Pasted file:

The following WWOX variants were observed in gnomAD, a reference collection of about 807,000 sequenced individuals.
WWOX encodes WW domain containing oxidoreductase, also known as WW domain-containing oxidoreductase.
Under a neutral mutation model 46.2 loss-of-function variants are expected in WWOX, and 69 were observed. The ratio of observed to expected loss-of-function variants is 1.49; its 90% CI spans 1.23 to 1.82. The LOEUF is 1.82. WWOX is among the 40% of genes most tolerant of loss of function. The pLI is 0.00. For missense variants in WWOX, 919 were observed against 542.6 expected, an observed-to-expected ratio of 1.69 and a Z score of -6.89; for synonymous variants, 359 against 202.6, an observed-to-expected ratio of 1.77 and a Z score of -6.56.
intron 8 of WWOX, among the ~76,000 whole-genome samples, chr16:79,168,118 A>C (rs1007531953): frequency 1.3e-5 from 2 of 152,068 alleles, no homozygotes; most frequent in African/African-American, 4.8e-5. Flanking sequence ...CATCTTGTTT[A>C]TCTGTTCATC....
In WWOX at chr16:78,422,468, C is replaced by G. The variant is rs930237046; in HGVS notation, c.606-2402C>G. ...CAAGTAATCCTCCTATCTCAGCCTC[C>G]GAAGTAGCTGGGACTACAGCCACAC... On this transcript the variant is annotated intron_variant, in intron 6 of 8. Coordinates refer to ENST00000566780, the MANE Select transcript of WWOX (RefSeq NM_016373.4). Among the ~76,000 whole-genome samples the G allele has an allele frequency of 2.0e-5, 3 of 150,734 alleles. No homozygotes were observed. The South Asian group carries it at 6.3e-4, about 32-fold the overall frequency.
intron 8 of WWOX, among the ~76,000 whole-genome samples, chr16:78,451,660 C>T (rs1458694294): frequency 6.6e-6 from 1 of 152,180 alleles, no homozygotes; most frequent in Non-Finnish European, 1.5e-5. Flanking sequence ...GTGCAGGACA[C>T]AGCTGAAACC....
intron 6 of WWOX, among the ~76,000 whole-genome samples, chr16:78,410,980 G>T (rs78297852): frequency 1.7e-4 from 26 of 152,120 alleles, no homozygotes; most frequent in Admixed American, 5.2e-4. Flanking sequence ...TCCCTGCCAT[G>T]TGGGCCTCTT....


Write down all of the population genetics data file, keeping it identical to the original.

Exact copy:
The following WWOX variants were observed in gnomAD, a reference collection of about 807,000 sequenced individuals.
WWOX encodes WW domain containing oxidoreductase, also known as WW domain-containing oxidoreductase.
Under a neutral mutation model 46.2 loss-of-function variants are expected in WWOX, and 69 were observed. The ratio of observed to expected loss-of-function variants is 1.49; its 90% CI spans 1.23 to 1.82. The LOEUF is 1.82. WWOX is among the 40% of genes most tolerant of loss of function. The pLI is 0.00. For missense variants in WWOX, 919 were observed against 542.6 expected, an observed-to-expected ratio of 1.69 and a Z score of -6.89; for synonymous variants, 359 against 202.6, an observed-to-expected ratio of 1.77 and a Z score of -6.56.
intron 8 of WWOX, among the ~76,000 whole-genome samples, chr16:79,168,118 A>C (rs1007531953): frequency 1.3e-5 from 2 of 152,068 alleles, no homozygotes; most frequent in African/African-American, 4.8e-5. Flanking sequence ...CATCTTGTTT[A>C]TCTGTTCATC....
In WWOX at chr16:78,422,468, C is replaced by G. The variant is rs930237046; in HGVS notation, c.606-2402C>G. ...CAAGTAATCCTCCTATCTCAGCCTC[C>G]GAAGTAGCTGGGACTACAGCCACAC... On this transcript the variant is annotated intron_variant, in intron 6 of 8. Coordinates refer to ENST00000566780, the MANE Select transcript of WWOX (RefSeq NM_016373.4). Among the ~76,000 whole-genome samples the G allele has an allele frequency of 2.0e-5, 3 of 150,734 alleles. No homozygotes were observed. The South Asian group carries it at 6.3e-4, about 32-fold the overall frequency.
intron 8 of WWOX, among the ~76,000 whole-genome samples, chr16:78,451,660 C>T (rs1458694294): frequency 6.6e-6 from 1 of 152,180 alleles, no homozygotes; most frequent in Non-Finnish European, 1.5e-5. Flanking sequence ...GTGCAGGACA[C>T]AGCTGAAACC....
intron 6 of WWOX, among the ~76,000 whole-genome samples, chr16:78,410,980 G>T (rs78297852): frequency 1.7e-4 from 26 of 152,120 alleles, no homozygotes; most frequent in Admixed American, 5.2e-4. Flanking sequence ...TCCCTGCCAT[G>T]TGGGCCTCTT....